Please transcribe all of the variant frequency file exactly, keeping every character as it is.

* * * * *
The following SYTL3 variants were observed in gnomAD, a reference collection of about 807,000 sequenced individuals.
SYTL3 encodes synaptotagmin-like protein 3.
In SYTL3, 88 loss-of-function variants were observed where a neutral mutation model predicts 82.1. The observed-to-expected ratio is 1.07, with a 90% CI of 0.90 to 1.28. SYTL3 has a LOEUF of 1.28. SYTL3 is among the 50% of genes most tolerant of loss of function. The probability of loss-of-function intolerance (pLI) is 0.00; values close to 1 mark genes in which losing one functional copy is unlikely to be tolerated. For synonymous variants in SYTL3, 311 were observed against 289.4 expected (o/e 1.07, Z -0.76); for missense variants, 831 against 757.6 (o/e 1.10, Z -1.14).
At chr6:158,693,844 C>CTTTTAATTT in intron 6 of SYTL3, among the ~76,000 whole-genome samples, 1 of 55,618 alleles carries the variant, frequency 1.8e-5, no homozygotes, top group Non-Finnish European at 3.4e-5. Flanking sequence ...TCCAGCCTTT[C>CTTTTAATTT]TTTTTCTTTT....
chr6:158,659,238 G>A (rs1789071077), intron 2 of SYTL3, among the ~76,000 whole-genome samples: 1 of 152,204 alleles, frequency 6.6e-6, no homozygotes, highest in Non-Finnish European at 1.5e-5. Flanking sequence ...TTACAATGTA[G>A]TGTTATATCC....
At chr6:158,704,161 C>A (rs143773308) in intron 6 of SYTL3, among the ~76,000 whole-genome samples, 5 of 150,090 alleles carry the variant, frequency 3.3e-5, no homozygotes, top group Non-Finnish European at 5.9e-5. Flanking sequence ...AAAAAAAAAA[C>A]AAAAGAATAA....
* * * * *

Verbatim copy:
The following SYTL3 variants were observed in gnomAD, a reference collection of about 807,000 sequenced individuals.
SYTL3 encodes synaptotagmin-like protein 3.
In SYTL3, 88 loss-of-function variants were observed where a neutral mutation model predicts 82.1. The observed-to-expected ratio is 1.07, with a 90% CI of 0.90 to 1.28. SYTL3 has a LOEUF of 1.28. SYTL3 is among the 50% of genes most tolerant of loss of function. The probability of loss-of-function intolerance (pLI) is 0.00; values close to 1 mark genes in which losing one functional copy is unlikely to be tolerated. For synonymous variants in SYTL3, 311 were observed against 289.4 expected (o/e 1.07, Z -0.76); for missense variants, 831 against 757.6 (o/e 1.10, Z -1.14).
At chr6:158,693,844 C>CTTTTAATTT in intron 6 of SYTL3, among the ~76,000 whole-genome samples, 1 of 55,618 alleles carries the variant, frequency 1.8e-5, no homozygotes, top group Non-Finnish European at 3.4e-5. Flanking sequence ...TCCAGCCTTT[C>CTTTTAATTT]TTTTTCTTTT....
chr6:158,659,238 G>A (rs1789071077), intron 2 of SYTL3, among the ~76,000 whole-genome samples: 1 of 152,204 alleles, frequency 6.6e-6, no homozygotes, highest in Non-Finnish European at 1.5e-5. Flanking sequence ...TTACAATGTA[G>A]TGTTATATCC....
At chr6:158,704,161 C>A (rs143773308) in intron 6 of SYTL3, among the ~76,000 whole-genome samples, 5 of 150,090 alleles carry the variant, frequency 3.3e-5, no homozygotes, top group Non-Finnish European at 5.9e-5. Flanking sequence ...AAAAAAAAAA[C>A]AAAAGAATAA....